That was a really good read. On 4/7/18, Arlene <arlenes71...@earthlink.net> wrote: > Thank you, Richard. It sounds confusing but we'll try it. > ----- Original Message ----- > From: Richard Turner > To: email@example.com > Sent: Saturday, April 07, 2018 8:37 PM > Subject: Re: A review of Aira. What it is, how it works, and the ways it > has changed my life by Jonathan Mosen, > > > > > Hi, > If you want to select all, I used the rotor Text Selection, which is an > Apple thing, not a Writer feature. You have to enable it in the VoiceOver > Rotor Settings. > But, in Writer, there is a button to use for selecting smaller chunks, but > it is kind of complicated to explain right now. > If you do not have Text Selection on your rotor, I would recommend going > in the settings for Rotor and enabling it by double tapping on it so it says > "selected." > HTH, > Richard > > > > > > “The secret is not to make your music louder, but to make the world > quieter.” > > - Mitch Albom from The Magic Strings of Frankie Presto, page 1 > > > On Apr 7, 2018, at 6:06 PM, Arlene <arlenes71...@earthlink.net> wrote: > > > Richard, where's text selection and writer? Thanks. > ----- Original Message ----- > From: Richard Turner > To: firstname.lastname@example.org > Sent: Friday, April 06, 2018 7:23 PM > Subject: A review of Aira. What it is, how it works, and the ways it > has changed my life by Jonathan Mosen, > > > > > Greetings, > I decided to use text selection and select all before VoiceOver locked > up, then copy and paste Mark's message into Writer, then it read well. > So, I copied it back out of Writer and am pasting it below. Hopefully, > whatever was causing the problem is gone. > Here is Mark's entire message: > Hello Everyone, > > > I am posting the following article because it references an iOS app. > > > Mark > > > A review of Aira. What it is, how it works, and the ways it has > changed my > life > by Jonathan Mosen, Posted on 03/04/2018 > > > Introduction > Recently, I was pleased to attend the CSUN assistive technology > conference. > I've had the privilege of going to 10 of these before, but it has been > a few > years since I was there last. > When you're involved with an industry, you tend to watch developments > so > closely that changes usually seem incremental. But occasionally, > something > new comes along that is so game changing, it stops you in your tracks. > For > me, San Diego-based Aira is one such technology. I am late to this > party. > Aira has been rolling out for some time in the United States. And > indeed, we > covered Aira in an edition of The Blind Side Podcast last year. But > since > mentioning my Aira experience to people via outlet such as my Internet > radio > show, The Mosen Explosion, I've learned that not everyone yet fully > understands what the service is or how it works. For those not > familiar with > Aira, or who would like to read someone else's impressions of it, read > on. > What is Aira > According to the company's website, > Aira is today's fastest growing assistive community. One tap of a > button > instantly connects you with a sighted professional agent who delivers > visual > assistance anytime and anywhere. > Here's what that means in practice. At present, Aira is a smart phone > app, > available for iOS and Android. Since Aira is a service for blind > people, > it's no surprise that the app is exemplary in terms of its > accessibility. > And in iOS, it even sports Siri integration. > Using the app, you can connect via video, much like a FaceTime call, > with > agents who can provide you with visual information. Audio quality is > excellent, far clearer than a standard cell phone connection. > Essentially, > an Aira agent can tell you anything at all that a pair of functioning > eyes > can see, plus perform a range of tasks pertaining to that > information. > You can acquire the visual information using your smart phone's > camera, or, > when you become a subscriber to the Aira service (Aira calls its > customers > "explorers") you receive a pair of smart glasses. These are included > as part > of your subscription, so there's no hardware cost upfront. > The service is available officially in the United States at present, > where > Aira has an arrangement with AT&T. Aira explorers receive an AT&T > MiFi > device, allowing them to use the service on the go without the data > consumed > by the video connection eating up a customer's own cellular plan. If > you > have a cellular plan equipped with the personal hotspot feature, you > are > free to pair your Aira glasses with your phone using that method. For > those > with large data plans, this may be attractive because there is one > less > device to keep track of, carry, and charge. The downside, other than > the > data consumption, is that a video connection to Aira for a long time > may > cause significant battery drain on your smart phone. > When you're at home, work, or anywhere that Wi-Fi is available that > doesn't > require web-based authentication, you can pair your Aira glasses to > that > network. As far as I have been able to ascertain, 5 GHZ Wi-Fi isn't > supported at present. > Because of the need for high quality video, the glasses pair via > Wi-Fi, and > not Bluetooth. The glasses are associated with your Aira account. This > is > useful if, like in Bonnie's and my house, you're sharing your minutes > as a > couple. More on that later. > The upshot of all of this is that for 18 hours of every day, > professional, > well-trained sighted assistance is just a few taps or a Siri command > away. > Describing it like this makes it sound kind of cool. But I want to > explain > the impact that Aira has had on our lives in the brief time we have > had it, > to illustrate that, at least for some of us, this technology is more > than > just pretty cool, it's life-changing. > My first Aira experience > If you've been reading this blog or listening to The Blind Side > Podcast over > the years, you will know that in recent times I have come out as > having a > hearing impairment. I love going to these big conferences because I > get to > catch up with old friends and make new ones, as well as see the latest > and > greatest technology. I hate going to these big conferences because > often, I > find myself in difficult audio environments. It can be very noisy. > Hotel > lobbies and restaurants are often exceedingly crowded, with high > ceilings > causing noise to bounce everywhere. The environment is difficult and > tiring, > but I keep going and doing the best I can, because the alternative is > to sit > at home and rust away, and I'm certainly not going to do that. > One smart thing that Aira has done is to start rolling out a concept > called > "site access". With appropriate sponsorship, or perhaps at times where > there > will be many potential customers in one place, Aira can enable free > access > to a location or even the entire city through their smart city > project. > There are two benefits to the strategy. First, it's helpful for > existing > Aira explorers because they can use the service as much as they want > without > it counting against their monthly plans. > Second, anyone, even those not signed up with an Aira monthly plan, > can go > to the iOS App Store or the Google Play Store, download the app, > create a > guest account, and use the service for free. As I found out, it's > convenient > to have access to Aira in such situations, and it offers the > opportunity for > Aira to convert those guests into full-time explorers. Smart stuff. > It was thanks to this program that I gave Aira a shot. Had I been > required > to go to the booth to give it a go, I probably would have run out of > time > and wouldn't be writing this post. But it was a cinch to download the > app > and set up my guest account. > I first decided to put Aira through a simple test. Having arrived in > San > Diego after a long journey, I wasn't taking much notice of the hotel > layout > when the porter showed me to my room. So, the next morning, I made my > first > call to Aira, and asked the friendly agent to guide me to the > elevator. Not > only did I get to the elevator effortlessly, I was also guided right > to the > button for the elevator. > But the call I will never forget is the one I made to ask for > assistance > getting to the exhibit hall while exhibits were being set up. If > you've > visited the Grand Hyatt in San Diego, you'll know how cavernous the > lobby > can sound. When the lobby is full of people, I find it impossible to > navigate, because there's just so much sound bouncing everywhere. To > be > honest, I wasn't expecting much from Aira, but I was keen to see what > would > happen. > This is the moment when I transitioned from the intellectual > understanding > that "this is quite a good concept", to the emotional connection that > made > me say "holy guacamole, this thing is changing my life!" > I'm not a guide dog handler at the moment, but I have been in the > past. One > of the advantages of working with a dog over using a cane is that you > avoid > many obstacles without ever coming into contact with them. The > exception is > if you are a cane user with good echolocation. I think that even with > full > hearing, I would have found echolocation difficult in that very noisy > lobby, > but it's certainly not viable for me now. Therefore, in that type of > environment, I often find myself hitting people's legs with my cane, > as I > try to find a way forward. With the Aira agent talking in my hearing > aids > which were also delivering environmental sounds, I was getting > information > about where the crowds were, and when I needed to veer to avoid > running into > people. I was told when it was necessary to turn to reach my > destination and > given confirmation that I was indeed heading in the correct > direction. > Because of my hearing, and the fact that I know navigating these > environments can be difficult, I had allowed myself plenty of time to > reach > the exhibit hall. But I reached it much more quickly than I had > anticipated, > and with much less stress than usual. > When we eventually reached the exhibit hall, which was some > considerable > distance away, the agent informed me that the door was closed. I > expected > this, since I was heading to the exhibit hall before it was officially > open > to the public. The icing on the cake was when she said that she could > see a > counter to the left of the door with a sign labelled "Exhibit > Services". She > then informed me that there was a man behind that counter and offered > to > lead me to him. She did so, and he let me in. Astounded, I thanked > the > agent, and ended the call. > Full disclosure, at this point, it gets a bit embarrassing. No > technology > has made me cry for joy before. But a stressful experience I have to > psych > myself up for had just been made effortless and enjoyable. I was > utterly > overwhelmed. This was all achieved with no more than the free app and > the > camera on my iPhone X. > Piloting Aira outside the US > I've no doubt that I would have been wowed by Aira even if I had been > blind > without a hearing impairment. But, having had a taste of the > independence it > was giving me, even better than the independence I had when I was a > traveller without a hearing impairment, I really wanted to see if > there was > any way I could take this home to New Zealand. I knew it would be > unlikely, > because Aira is very clear that they are only available now in the > United > States and I think parts of Canada. But I genuinely felt that having > had a > taste of Aira, I would feel a sense of disability if I lost it again. > I met with Aira's CEO, Suman Kanuganti, who kindly agreed to let me > pilot > the service here. Since this is a fairly glowing review of the > service, I > want to be clear that I am paying the same as everyone else. This is > not a > paid advertisement. And I'm aware of the limitations of using the > service > here when it's not officially supported. For example, Aira is > currently > unavailable between 1 AM and 7 AM Eastern time. At this time of year, > that > equates to 5 PM to 11 PM New Zealand time. That's a time when we have > had a > need for the service, but I signed up knowing what I was getting into, > so > that's an observation rather than a complaint. Even for Aira's > existing > customer base, I'm sure many hope that this downtime will soon be a > thing of > the past. I'm one of those totally blind people without light > perception who > has non-24 sleep/wake disorder. I'm fortunate that because most of my > deliverables can be delivered at any time, I just let my circadian > rhythm do > its thing. That means I'm sometimes very productive at 2, 3 or 4 AM. > I'm > sure there are many Aira users in the United States in a similar > position, > who'd value having access to Aira at that time. > I'll also be providing feedback on any technical or cultural issues > relating > to the use of the service here, should they arise. The most obvious > cultural > issue is that many of our place names are in the Maori language, the > indigenous language of New Zealand. Understandably, Aira agents don't > have > experience pronouncing them correctly, but that's no different from > listening to the same place names spoken by most text-to-speech > engines. > When mobile, Bonnie and I are using Aira with our mobile data plans. > We > share a cellular plan that has 25 GB of mobile data per month, and our > LTE > networks are very robust here, particularly in urban environments. > Signing up as an explorer > Typically, when you sign up as an explorer, you can start using the > service > right away with your smart phone, and the hardware is shipped to you. > Since > I was at the CSUN conference, I was able to sign up online, and > collect my > hardware from the Aira booth. > The ability to use the service as a guest is fairly new, and one of > the > problems I had was that I couldn't sign up with the email address I > had > associated with my guest account, because the system flagged it as > already > in use. It would be nice to have a feature within the app that allowed > you > to upgrade to a paid account while signed in as a guest. Hopefully > that will > come in time. The only way around it for now is either to sign up with > a > different email address or complete the process over the phone. > When you make your first call as a fully-fledged explorer, an Aira > agent > assists you to create your profile. It's here that you really start > to > appreciate how carefully the services been devised. Suman Kanuganti > and his > team have worked closely with Blind people, sought their advice, and > taken > it to heart. It would have been easy for a service like this to have > become > patronising. Instead, the culture feels like it is truly a > partnership > between the explorer and the agent. > As part of the induction process, you are advised that Aira will never > tell > you that it's safe to cross the street, and agents will remain silent > while > you are crossing. If you are mobile, and the agent detects that you're > not > travelling with a cane or a dog, they will disconnect the call. They > make it > clear that they are not a substitute for your blindness skills, or for > your > mobility tool of choice. And they advise that they keep personal > opinions > out of all descriptions and interactions. > You're asked if there are any additional disabilities that it would > be > helpful for them to be aware of. I was able to tell them about my > hearing > impairment. > Rather like when using JAWS, you are offered three levels of > verbosity. The > three levels are explained to you clearly. Your default level is > recorded in > your profile. You can change the default at any time, or for a > particular > call. The most verbose option will even describe people's facial > expressions > as you're walking down the street. > You're asked whether you prefer directions to be given as a clock > face, or > in terms of "left" and "right". In a noisy environment, it's easier > for me > to differentiate between 9 o'clock and 3 o'clock, than between left > and > right. > Once the process is done, all your preferences are recorded and > immediately > made available to the agent when you call in. > Ride sharing Integration > Using the APIs of the ride sharing services Uber and Lyft, Aira can > connect > to your accounts to both call and monitor your rides. You may ask the > agent > to initiate the entire process for you, or you could use the app of > your > ride sharing service of choice to call a vehicle, then get the agent > online > who can see the car you've been allocated, and help you watch for its > arrival. > Some people have safety concerns about using ride sharing services, > since > you might walk up to a car that you think is the one you've called, > only to > find its some random person. Having an Aira agent assist you to the > vehicle > will avoid that. > It's also a brilliant way to catch drivers who speed away because of > your > dog. An Aira agent can take pictures remotely using the camera you're > connecting with, be it the camera on your smart phone or the one built > into > the glasses. This gives you photographic evidence of the driver > speeding > away. > Sharing minutes > Recently, Aira introduced the ability to share minutes with up to two > additional people. The feature is great for blind couples like Bonnie > and > me. Inviting Bonnie to share my minutes was easily done from the app, > and > she was signed up in minutes, although there was a technical issue > which > prevented her from logging in. This was resolved in a few hours after > contacting Aira. > How we've used Aira > There is a wonderful section on the Aira website and in its app, with > extensive lists of the way that people are using the service. As the > father > of two daughters, one use case that both resonated with me and amused > me was > the explorer who asked an agent to describe their daughter's new > boyfriend. > But here are just a few of the ways that we've used Aira since we've > had it. > What does this button do? > It was wonderful to be able to ask an agent, trained to explain > things > clearly, how to operate the air-conditioning in my hotel room in San > Diego. > I was also curious about a little panel to the right of the > air-conditioning > unit. After getting me to look at the unit, the agent took a photo, > blew it > up, and told me that it was a control panel for the windows in my > hotel > room. I probably wouldn't have bothered investigating it had it not > been for > Aira. > Journalism > Bonnie has now embarked on a journalism course. Today's journalists > must > operate in a multimedia environment. This includes taking their own > photos. > Thanks to the technology VoiceOver offers, it's possible for a blind > person > to take good photos. When action is moving fast though, it may not be > possible to capture that action quickly enough. And VoiceOver's > camera > functions are limited to recognising people. Seeing AI will recognise > scenes, but only after you've taken the picture. Aira to the rescue. > Just a couple of days after Bonnie began sharing my Aira minutes, she > needed > to cover a popular Wellington street festival. Bonnie tells me she > couldn't > have done it without Aira. Giving instructions to the agent ahead of > time > about the kind of material she wanted to capture, the Aira agent was > able to > take pictures at exactly the right time and give Bonnie advice about > how to > angle the camera. Her photography lecturer praised the photos. > The agent gave vivid, detailed descriptions of the festival and the > people > participating in it, which made it easy for Bonnie to write a > descriptive, > colourful newspaper story that wasn't devoid of visual imagery even > though > she is blind. > When Bonnie got the munchies after a hard day's journalism, the agent > helped > her locate the food truck she wanted from a number that were at the > festival, and then read her the menu on the side of the truck. > Preserving the moment > Since Aira can take pictures using the glasses or camera remotely, we > recently used it at a birthday party we attended to get the perfect > picture > for our own records, and for posting to social media. > Compiling reports > When you travel and collect receipts, you end up with little bits of > paper, > business cards from cab drivers with receipt information scrawled on > the > back, and big pieces of paper. > I've become adept over the years at performing optical character > recognition > on all of it for the compilation of expense reports, but it's > time-consuming. I took the stress out of the situation and handed it > to > Aira. My agent advised using the camera on the iPhone X for this task > rather > than the glasses. She gave instructions regarding the positioning of > the > camera, took pictures of all the documents, and I had no doubt that > each > receipt was fully in the picture. > She put them all in a single document which she then emailed to me. > This > process took probably a third to a quarter of the time it would have > usually > taken me. > Transcription > As someone who's been totally blind since birth, I've enjoyed becoming > more > familiar with effective use of the camera and understanding the > relationship > between distance and getting the subject of a photograph fully in the > picture. When in hotels, I sometimes find getting a good-quality > capture of > hotel compendia and in-room dining menus a challenge. The print may > have > become faded over time, or there's a wide variation of print types. It > can > also take time to work out whether there is print on both sides of the > page > or not, and sometimes that can vary even within the same document. > At a recent hotel stay, Aira took all the stress out of rendering the > in-room dining menu accessible to Bonnie and me. The agent very > quickly > snapped pictures of all the pages and could see at a glance when the > pages > were single or double-sided. Then, the agent transcribed the text into > a > fully accessible Word document. I was given the choice as to whether > I > wanted a full transcription, which of course took a little longer, or > just a > summary of the items on the menu and their prices. > The mysteries of the minibar > Many hotel minibars now have sophisticated sensors that charge you for > an > item when you lift it out of the fridge. Rather than hunt around for > a > barcode on each bottle, can, and food item, an Aira agent was able to > recite > the cans in the fridge in left-to-right order. > Real-time audio description > Bonnie and I recently took a gondola ride in one of the most > picturesque > parts of New Zealand. One of our party was sighted, nevertheless, I > decided > to call Aira, to ask an agent if she could give me real-time audio > description as we rode the gondola, then as we stood on the viewing > platform. It was a moving experience to get such detailed descriptions > of > the water, the tree line and the city below. Our sighted companion > was > impressed, saying that Aira had told us things she wouldn't have > thought > about describing. > Does Aira harm the accessibility cause? > When I've discussed Aira with some blind people, a few have expressed > the > concern that the service may discourage those of us who have it from > continuing to advocate for a truly accessible world. They fear that > as > providers of information and services become aware of Aira, they may > feel > under less of an obligation to do the right thing when it comes to > accessibility. > For example, if you read this blog regularly, you will know I've been > campaigning about the code to complete the New Zealand census not > being > accessible. If I had been an Aira explorer at the time, an Aira agent > would > have read the access code to me, and the process would have taken > about a > minute maximum. Would I have begun my campaign for the codes to be > inherently accessible if Aira had been in our home to do that for me? > I > would like to think so. > A similar concern was expressed when JAWS introduced the ability to > perform > OCR on inaccessible PDF files. > I believe Aira is a pragmatic solution that delivers access to us > today. > That in no way means that those of us with the skills and inclination > to > advocate for a more accessible world shouldn't continue to do so. If > we've > been able to use Aira to work around the problem, it's just that, a > work-around. Most of the world's written information today is born > accessible. Someone must take a deliberate step to convert it into > something > inaccessible, and we must always object to that occurring. So, we must > still > advocate for all aspects of life to be as accessible as possible. > In this highly visual world, there'll always be plenty of tasks for > Aira to > perform, even as accessibility improves. > Does Aira erode blindness skills? > The arrival of the pocket calculator, the cell phone with a built-in > contact > directory, and many other technologies have been the cause of people > expressing concern about the "dumbing down" of the human race. A few > people > I've spoken with about Aira have wondered if it will cause an erosion > of > blindness skills among its users. I don't believe so. I contend the > impact > will be positive. > For me personally, other circumstances, specifically my hearing > impairment, > have made travel time-consuming and exhausting. Freedom of movement > should > not be the privilege of the blind elite who happen to find travel > intuitive > and easy. Freedom of movement is, in my view, a fundamental human > right. > With the ability to travel under less stress, I believe my travel > skills, > which may have eroded a little over the years as I've begun avoiding > tricky > situations, will in fact improve due to increased use. > Remember, Aira does not replace your cane or dog. You must still know > how to > use your cane in a way that helps you locate obstacles and provides > you with > clues about your environment. > What it costs, and is it value for money? > Assuming you have a smartphone, there is no other hardware you must > purchase > to use Aira. It's all included as part of the package. > The current pricing structure looks like this: > . Basic Plan. 100 regular minutes a month for $89. > . Plus Plan. 200 regular minutes a month for $129. > . Pro Plan. 400 regular minutes a month for $199. > . Premium Plan. Unlimited regular minutes a month for $329. > I believe it is possible to get further discounts on the Pro plan if > you pay > a year, or even several years, in advance. > If you run out of minutes, you can purchase additional ones. > You can cancel or upgrade your plan at any time. > Whenever a company provides a service directly to the blind community, > there > are always people who will express concern about cost. Unfortunately, > the > economic reality is that the cost of research and development, as well > as > the overheads involved in running a business, must be spread across a > smaller group of people when providing a service to our community. > This > equation is made more difficult because so many people in our > community are > unemployed and living hand to mouth. Sure, for some people, Aira will > be > worth sacrificing a few daily cups of premium coffee for, but it's not > that > easy for everyone. > Some people question whether the service is worth the cost given that > there > is a free service, Be My Eyes, which connects you with sighted > volunteers. > Be My Eyes is a useful service, and I don't seek to denigrate it at > all. I > am signed up with it, have supported it since before it went live, and > I use > it from time to time. But Be My Eyes relies on volunteers. Some people > are > so keen to assist a blind person that they answer a call when they may > have > been better letting it go. Others simply don't explain things clearly > enough. And yes, there are some who are outstanding. But I equate > using Be > My Eyes with asking a stranger for directions in the street. Sometimes > you > will get somebody who couldn't be more helpful. At other times you > will get > somebody who doesn't know their right from their left, or just isn't > observant about the world around them. > With Aira, the agents have been trained extensively, plus they have > tools > that help pinpoint your location and provide other data. There's also > a > guarantee of privacy with Aira. > I know of people who've used Aira to help them sign employment > contracts, > complete tax returns and more. > So, in my view, there is no question that Aira will revolutionise the > lives > of many blind people if they can afford to access it. This raises > important > public policy questions. Many agencies serving blind people will > provide > funding for sighted assistance to be available on-location at > specific > times. Perhaps such agencies fund several hours of assistance each > week in > the workplace. Other agencies may fund a human reader to visit a > blind > person's home. Aira gives you access to sighted assistance on demand, > at > your convenience, not at the convenience of the sighted person. This > is > important because some tasks may only take a couple of minutes, but > they can > be show stoppers on the job until we can get that assistance. In a > work > environment, sighted assistance on-demand through Aira has the > potential to > improve a blind person's productivity. > There's also the social investment argument. If a much wider range of > blind > people can feel comfortable about travelling in unfamiliar areas, > government > investment in Aira could pay dividends by improving employability. > Looking to the future > Most blind people become blind later in life. And most of those people > don't > have smart phones. This group is often forgotten, so it's encouraging > to see > that Aira has been giving them considerable thought. The coming > generation > of seniors will be more assertive and tech savvy. They will have had > experience of technology in the workplace, and they are willing to > spend > money to ameliorate the consequences of their age-related disability. > However, they may decide that coming to terms with the blindness > specific > touchscreen paradigm is just too difficult. Certainly, that's the case > now. > Yet I think many seniors would love to have access to Aira. If they > can have > an agent assist them to read the newspaper in the morning, describe > pictures > of the grandchildren or go through their mail, that's something many > would > gladly pay for. > The market for Aira's services is going to increase significantly with > the > introduction of their new Horizon technology. Currently, to use Aira, > you > need at least two things - a smart phone, and the glasses, both of > which > need to be charged. If you want to use it without eating into your > data > plan, you'll need to carry the AT&T MiFi device around with you. That > also > needs to be charged separately. That's three things in total that need > to be > charged. > Within the next few months, Aira is promising to simplify their > offering > significantly. They've taken a Samsung Android device, which includes > a > physical home button, and developed their own firmware for it. This > device > is not designed to be used as a cell phone. Rather than requiring a > MiFi, > the data SIM will be in this device. The new Horizon glasses, which > are much > more fashionable and elegant looking, are tethered to this device with > an > unobtrusive-looking cable. The field of view is much improved, as is > the > video quality. That means less need to keep turning one's head at the > instruction of the Aira agent. With the glasses getting their power > from the > Horizon device, battery life is massively improved. > This all means that someone who doesn't have a smart phone will fire > up the > Horizon device, double tap the button, and talk to an agent. Smart > phone > users will retain the option to control their Aira experience via the > app > they're used to. > This configuration also reduces latency and any potential for video > degradation. There will no longer be a wireless hop that the video > needs to > take between the glasses and the device transmitting the video to an > Aira > agent. > Clearly, considerable thought and capital investment has gone into the > next > generation of the service. This demonstrates that Aira is continuing > to > innovate and thinking about broadening its base. > Over time, artificial intelligence will become smarter, and will be > able to > do more of the things that human agents are doing for Aira explorers > now. > It's therefore sensible forward planning that Aira has begun work on > their > own artificial intelligence engine they are calling Chloe. Initially, > Chloe > will offer optical character recognition, and perform functions > relating to > the operation and configuration of the Horizon device. I imagine that > over > time, Chloe will become more capable. That will increase efficiency > for the > explorer and reduce overheads for the company. > Concluding thoughts > Aira's evolution is an exemplary case study of how to tap into a > niche > market and create a new, innovative product. Of course, it's not > perfect, > but what is? Sometimes, you can lose cellular coverage when you really > need > it, causing the connection with the agent to drop. There's nothing > Aira can > do about that other than ensuring they're using hardware that > maximises the > cellular signal, and to have a robust protocol in place for seeking > to > re-establish the connection. But all in all, the service is > fantastic. > There've been a few phases of Aira adoption for me. The first was > hearing > about it and understanding intellectually that it was a clever idea. > The > second was the strong, powerful, emotional realisation that this > could > really change my life. The third is the dawning realisation that I'm > not > imposing on anybody anymore. Many of us can relate to having sighted > family > members or friends who we turn to when we need a pair of working eyes, > and > we hope we are not overdoing it. When I first started using Aira, I > had a > twinge of reluctance about making calls, wondering if someone might > need the > help of the agent more than me. Then, one day, it really dawned on me. > The > people at Aira want me to make the call. After all, if I use up all > my > minutes, I might buy more. So, when I make a call to Aira, I'm not > inconveniencing anybody, I'm strengthening their bottom line. How > wonderful > it is to call on sighted help without feeling like I might be a > burden. > If you'd like to try Aira > Due to the exchange rate between the United States and New Zealand, > unfortunately Aira is a little more expensive here than it is in the > United > States. Bonnie and I are presently using the Plus plan, at $129 USD a > month, > which equates to $179 NZD. When the novelty wears off a little, it > will be > interesting to see if we need the 200 minutes. > So, if you would like to give Aira a try, I'd appreciate it if you'd > sign up > using our referral link. The referral program means that the person > being > referred, and the person who did the referring, each gets a free > month. > Pretty good marketing. To take Aira for a spin, activate my referral > link. I > hope it makes as much of a difference to you as it has to Bonnie and > me. > Are you an Aira explorer? What do you think of the service, and what > are > some of the ways you're using it? Leave your thoughts in the > comments. > > > Original Article at: > > https://eur01.safelinks.protection.outlook.com/?url=http%3A%2F%2Fmosen.org%2Faira%2F&data=02%7C01%7C%7Cf02fc947c00f40b6290708d59be884b8%7C84df9e7fe9f640afb435aaaaaaaaaaaa%7C1%7C0%7C636586345313301417&sdata=bGJ0iYRkOK0AC%2FkJ%2BZ1ZGeOfvBxxkrxv2OPpyofWbwQ%3D&reserved=0 > > > > > -- > The following information is important for all members of the V iPhone > list. > > > If you have any questions or concerns about the running of this list, > or if you feel that a member's post is inappropriate, please contact the > owners or moderators directly rather than posting on the list itself. > > > Your V iPhone list moderator is Mark Taylor. Mark can be reached at: > mk...@ucla.edu. 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Mark can be reached at: > mk...@ucla.edu. Your list owner is Cara Quinn - you can reach Cara at > caraqu...@caraquinn.com > > The archives for this list can be searched at: > http://firstname.lastname@example.org/ > --- > You received this message because you are subscribed to the Google Groups > "VIPhone" group. > To unsubscribe from this group and stop receiving emails from it, send an > email to viphone+unsubscr...@googlegroups.com. > To post to this group, send email to email@example.com. > Visit this group at https://groups.google.com/group/viphone. > For more options, visit https://groups.google.com/d/optout. > > -- > The following information is important for all members of the V iPhone > list. > > If you have any questions or concerns about the running of this list, or if > you feel that a member's post is inappropriate, please contact the owners or > moderators directly rather than posting on the list itself. > > Your V iPhone list moderator is Mark Taylor. Mark can be reached at: > mk...@ucla.edu. Your list owner is Cara Quinn - you can reach Cara at > caraqu...@caraquinn.com > > The archives for this list can be searched at: > http://firstname.lastname@example.org/ > --- > You received this message because you are subscribed to the Google Groups > "VIPhone" group. > To unsubscribe from this group and stop receiving emails from it, send an > email to viphone+unsubscr...@googlegroups.com. > To post to this group, send email to email@example.com. > Visit this group at https://groups.google.com/group/viphone. > For more options, visit https://groups.google.com/d/optout. >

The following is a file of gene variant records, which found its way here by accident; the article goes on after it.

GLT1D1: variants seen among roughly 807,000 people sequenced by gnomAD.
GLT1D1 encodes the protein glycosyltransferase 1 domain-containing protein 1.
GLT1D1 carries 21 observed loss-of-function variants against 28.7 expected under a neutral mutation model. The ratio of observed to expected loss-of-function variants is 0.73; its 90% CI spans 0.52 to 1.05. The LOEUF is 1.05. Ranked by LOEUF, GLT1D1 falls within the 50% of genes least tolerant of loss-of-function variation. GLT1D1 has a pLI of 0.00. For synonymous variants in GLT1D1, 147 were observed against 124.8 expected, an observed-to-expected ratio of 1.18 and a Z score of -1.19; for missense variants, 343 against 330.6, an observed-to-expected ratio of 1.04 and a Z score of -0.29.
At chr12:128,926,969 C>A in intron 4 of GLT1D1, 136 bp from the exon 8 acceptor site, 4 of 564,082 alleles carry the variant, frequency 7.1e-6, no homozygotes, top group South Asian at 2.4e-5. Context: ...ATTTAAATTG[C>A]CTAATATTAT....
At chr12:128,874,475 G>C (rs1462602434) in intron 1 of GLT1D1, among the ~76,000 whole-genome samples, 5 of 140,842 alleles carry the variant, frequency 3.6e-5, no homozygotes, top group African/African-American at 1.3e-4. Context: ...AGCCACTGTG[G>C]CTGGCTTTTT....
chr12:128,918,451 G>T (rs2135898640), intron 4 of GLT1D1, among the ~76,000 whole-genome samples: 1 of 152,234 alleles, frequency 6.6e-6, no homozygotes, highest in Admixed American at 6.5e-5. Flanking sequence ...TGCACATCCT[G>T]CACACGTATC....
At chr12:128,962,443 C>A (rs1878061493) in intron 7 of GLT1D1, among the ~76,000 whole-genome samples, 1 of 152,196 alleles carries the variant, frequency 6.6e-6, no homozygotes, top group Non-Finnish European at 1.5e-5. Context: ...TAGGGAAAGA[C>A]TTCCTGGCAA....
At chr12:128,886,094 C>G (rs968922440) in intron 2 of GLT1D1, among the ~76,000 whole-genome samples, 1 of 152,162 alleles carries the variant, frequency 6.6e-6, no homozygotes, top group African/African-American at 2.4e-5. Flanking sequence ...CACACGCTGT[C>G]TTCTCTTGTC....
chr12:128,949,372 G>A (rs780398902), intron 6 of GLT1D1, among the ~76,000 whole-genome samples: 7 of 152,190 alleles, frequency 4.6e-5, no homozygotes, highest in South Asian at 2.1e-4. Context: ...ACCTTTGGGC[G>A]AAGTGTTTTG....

-- Lenron Brown Cell: 985-271-2832 Skype: ron.brown762 -- The following information is important for all members of the V iPhone list. If you have any questions or concerns about the running of this list, or if you feel that a member's post is inappropriate, please contact the owners or moderators directly rather than posting on the list itself. Your V iPhone list moderator is Mark Taylor. Mark can be reached at: mk...@ucla.edu. Your list owner is Cara Quinn - you can reach Cara at caraqu...@caraquinn.com The archives for this list can be searched at: http://firstname.lastname@example.org/ --- You received this message because you are subscribed to the Google Groups "VIPhone" group. To unsubscribe from this group and stop receiving emails from it, send an email to viphone+unsubscr...@googlegroups.com. To post to this group, send email to email@example.com. Visit this group at https://groups.google.com/group/viphone. For more options, visit https://groups.google.com/d/optout.